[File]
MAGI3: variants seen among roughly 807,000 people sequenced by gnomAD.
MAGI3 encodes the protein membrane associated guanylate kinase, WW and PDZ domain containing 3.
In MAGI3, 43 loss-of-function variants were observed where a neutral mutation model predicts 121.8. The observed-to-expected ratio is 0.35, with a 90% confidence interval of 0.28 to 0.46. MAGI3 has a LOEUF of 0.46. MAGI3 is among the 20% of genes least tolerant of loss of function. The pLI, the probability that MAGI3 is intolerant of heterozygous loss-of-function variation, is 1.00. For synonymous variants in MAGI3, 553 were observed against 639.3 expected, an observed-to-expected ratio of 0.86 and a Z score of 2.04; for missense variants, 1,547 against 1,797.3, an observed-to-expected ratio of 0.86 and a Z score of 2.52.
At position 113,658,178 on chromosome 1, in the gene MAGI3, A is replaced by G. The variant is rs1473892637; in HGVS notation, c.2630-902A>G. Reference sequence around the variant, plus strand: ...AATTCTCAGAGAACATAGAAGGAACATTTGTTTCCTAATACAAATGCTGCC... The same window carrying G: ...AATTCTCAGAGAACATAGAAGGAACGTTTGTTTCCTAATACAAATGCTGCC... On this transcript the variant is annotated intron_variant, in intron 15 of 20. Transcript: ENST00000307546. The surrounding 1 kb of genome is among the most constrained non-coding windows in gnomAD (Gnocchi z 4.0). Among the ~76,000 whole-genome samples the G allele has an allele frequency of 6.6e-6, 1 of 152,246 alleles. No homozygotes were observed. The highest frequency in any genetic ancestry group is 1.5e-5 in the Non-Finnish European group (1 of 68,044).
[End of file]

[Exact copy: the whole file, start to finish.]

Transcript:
MAGI3: variants seen among roughly 807,000 people sequenced by gnomAD.
MAGI3 encodes the protein membrane associated guanylate kinase, WW and PDZ domain containing 3.
In MAGI3, 43 loss-of-function variants were observed where a neutral mutation model predicts 121.8. The observed-to-expected ratio is 0.35, with a 90% confidence interval of 0.28 to 0.46. MAGI3 has a LOEUF of 0.46. MAGI3 is among the 20% of genes least tolerant of loss of function. The pLI, the probability that MAGI3 is intolerant of heterozygous loss-of-function variation, is 1.00. For synonymous variants in MAGI3, 553 were observed against 639.3 expected, an observed-to-expected ratio of 0.86 and a Z score of 2.04; for missense variants, 1,547 against 1,797.3, an observed-to-expected ratio of 0.86 and a Z score of 2.52.
At position 113,658,178 on chromosome 1, in the gene MAGI3, A is replaced by G. The variant is rs1473892637; in HGVS notation, c.2630-902A>G. Reference sequence around the variant, plus strand: ...AATTCTCAGAGAACATAGAAGGAACATTTGTTTCCTAATACAAATGCTGCC... The same window carrying G: ...AATTCTCAGAGAACATAGAAGGAACGTTTGTTTCCTAATACAAATGCTGCC... On this transcript the variant is annotated intron_variant, in intron 15 of 20. Transcript: ENST00000307546. The surrounding 1 kb of genome is among the most constrained non-coding windows in gnomAD (Gnocchi z 4.0). Among the ~76,000 whole-genome samples the G allele has an allele frequency of 6.6e-6, 1 of 152,246 alleles. No homozygotes were observed. The highest frequency in any genetic ancestry group is 1.5e-5 in the Non-Finnish European group (1 of 68,044).